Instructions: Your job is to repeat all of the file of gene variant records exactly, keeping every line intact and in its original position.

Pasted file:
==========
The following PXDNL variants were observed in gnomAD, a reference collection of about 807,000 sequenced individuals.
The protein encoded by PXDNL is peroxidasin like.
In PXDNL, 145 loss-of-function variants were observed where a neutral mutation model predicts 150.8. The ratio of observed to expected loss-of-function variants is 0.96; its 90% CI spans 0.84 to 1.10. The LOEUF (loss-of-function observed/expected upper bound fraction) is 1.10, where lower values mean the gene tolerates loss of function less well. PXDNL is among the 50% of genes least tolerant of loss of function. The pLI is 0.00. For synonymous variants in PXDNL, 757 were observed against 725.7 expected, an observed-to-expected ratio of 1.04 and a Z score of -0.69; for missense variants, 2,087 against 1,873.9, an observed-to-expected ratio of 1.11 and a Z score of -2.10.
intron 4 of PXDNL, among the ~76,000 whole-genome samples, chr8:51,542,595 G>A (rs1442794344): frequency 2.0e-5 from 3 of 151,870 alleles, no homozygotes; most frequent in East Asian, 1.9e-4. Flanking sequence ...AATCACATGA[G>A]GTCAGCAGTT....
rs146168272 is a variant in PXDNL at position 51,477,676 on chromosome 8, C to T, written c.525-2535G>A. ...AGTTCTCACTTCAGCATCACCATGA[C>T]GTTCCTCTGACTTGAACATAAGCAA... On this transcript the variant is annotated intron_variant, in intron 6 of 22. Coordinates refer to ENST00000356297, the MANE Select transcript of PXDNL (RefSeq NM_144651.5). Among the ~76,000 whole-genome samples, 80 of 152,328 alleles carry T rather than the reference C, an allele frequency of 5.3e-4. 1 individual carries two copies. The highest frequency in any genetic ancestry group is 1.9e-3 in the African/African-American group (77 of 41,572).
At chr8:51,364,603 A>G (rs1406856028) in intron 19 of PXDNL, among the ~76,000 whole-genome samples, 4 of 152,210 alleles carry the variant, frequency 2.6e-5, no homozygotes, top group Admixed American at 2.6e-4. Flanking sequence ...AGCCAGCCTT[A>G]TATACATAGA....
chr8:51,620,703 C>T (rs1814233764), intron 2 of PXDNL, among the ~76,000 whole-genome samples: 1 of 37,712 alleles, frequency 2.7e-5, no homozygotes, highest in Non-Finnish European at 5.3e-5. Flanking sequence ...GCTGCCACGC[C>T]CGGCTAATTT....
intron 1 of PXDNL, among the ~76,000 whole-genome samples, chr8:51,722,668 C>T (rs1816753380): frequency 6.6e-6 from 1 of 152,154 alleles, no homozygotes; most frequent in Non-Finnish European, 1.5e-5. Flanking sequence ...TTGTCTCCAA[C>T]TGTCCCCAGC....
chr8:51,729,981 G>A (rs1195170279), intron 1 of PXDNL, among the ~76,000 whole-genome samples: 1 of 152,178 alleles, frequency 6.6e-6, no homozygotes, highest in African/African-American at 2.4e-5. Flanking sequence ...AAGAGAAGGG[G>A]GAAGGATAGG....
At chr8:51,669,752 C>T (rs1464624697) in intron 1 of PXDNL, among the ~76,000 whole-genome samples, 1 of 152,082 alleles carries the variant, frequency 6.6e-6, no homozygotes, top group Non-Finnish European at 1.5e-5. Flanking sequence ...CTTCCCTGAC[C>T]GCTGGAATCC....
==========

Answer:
The following PXDNL variants were observed in gnomAD, a reference collection of about 807,000 sequenced individuals.
The protein encoded by PXDNL is peroxidasin like.
In PXDNL, 145 loss-of-function variants were observed where a neutral mutation model predicts 150.8. The ratio of observed to expected loss-of-function variants is 0.96; its 90% CI spans 0.84 to 1.10. The LOEUF (loss-of-function observed/expected upper bound fraction) is 1.10, where lower values mean the gene tolerates loss of function less well. PXDNL is among the 50% of genes least tolerant of loss of function. The pLI is 0.00. For synonymous variants in PXDNL, 757 were observed against 725.7 expected, an observed-to-expected ratio of 1.04 and a Z score of -0.69; for missense variants, 2,087 against 1,873.9, an observed-to-expected ratio of 1.11 and a Z score of -2.10.
intron 4 of PXDNL, among the ~76,000 whole-genome samples, chr8:51,542,595 G>A (rs1442794344): frequency 2.0e-5 from 3 of 151,870 alleles, no homozygotes; most frequent in East Asian, 1.9e-4. Flanking sequence ...AATCACATGA[G>A]GTCAGCAGTT....
rs146168272 is a variant in PXDNL at position 51,477,676 on chromosome 8, C to T, written c.525-2535G>A. ...AGTTCTCACTTCAGCATCACCATGA[C>T]GTTCCTCTGACTTGAACATAAGCAA... On this transcript the variant is annotated intron_variant, in intron 6 of 22. Coordinates refer to ENST00000356297, the MANE Select transcript of PXDNL (RefSeq NM_144651.5). Among the ~76,000 whole-genome samples, 80 of 152,328 alleles carry T rather than the reference C, an allele frequency of 5.3e-4. 1 individual carries two copies. The highest frequency in any genetic ancestry group is 1.9e-3 in the African/African-American group (77 of 41,572).
At chr8:51,364,603 A>G (rs1406856028) in intron 19 of PXDNL, among the ~76,000 whole-genome samples, 4 of 152,210 alleles carry the variant, frequency 2.6e-5, no homozygotes, top group Admixed American at 2.6e-4. Flanking sequence ...AGCCAGCCTT[A>G]TATACATAGA....
chr8:51,620,703 C>T (rs1814233764), intron 2 of PXDNL, among the ~76,000 whole-genome samples: 1 of 37,712 alleles, frequency 2.7e-5, no homozygotes, highest in Non-Finnish European at 5.3e-5. Flanking sequence ...GCTGCCACGC[C>T]CGGCTAATTT....
intron 1 of PXDNL, among the ~76,000 whole-genome samples, chr8:51,722,668 C>T (rs1816753380): frequency 6.6e-6 from 1 of 152,154 alleles, no homozygotes; most frequent in Non-Finnish European, 1.5e-5. Flanking sequence ...TTGTCTCCAA[C>T]TGTCCCCAGC....
chr8:51,729,981 G>A (rs1195170279), intron 1 of PXDNL, among the ~76,000 whole-genome samples: 1 of 152,178 alleles, frequency 6.6e-6, no homozygotes, highest in African/African-American at 2.4e-5. Flanking sequence ...AAGAGAAGGG[G>A]GAAGGATAGG....
At chr8:51,669,752 C>T (rs1464624697) in intron 1 of PXDNL, among the ~76,000 whole-genome samples, 1 of 152,082 alleles carries the variant, frequency 6.6e-6, no homozygotes, top group Non-Finnish European at 1.5e-5. Flanking sequence ...CTTCCCTGAC[C>T]GCTGGAATCC....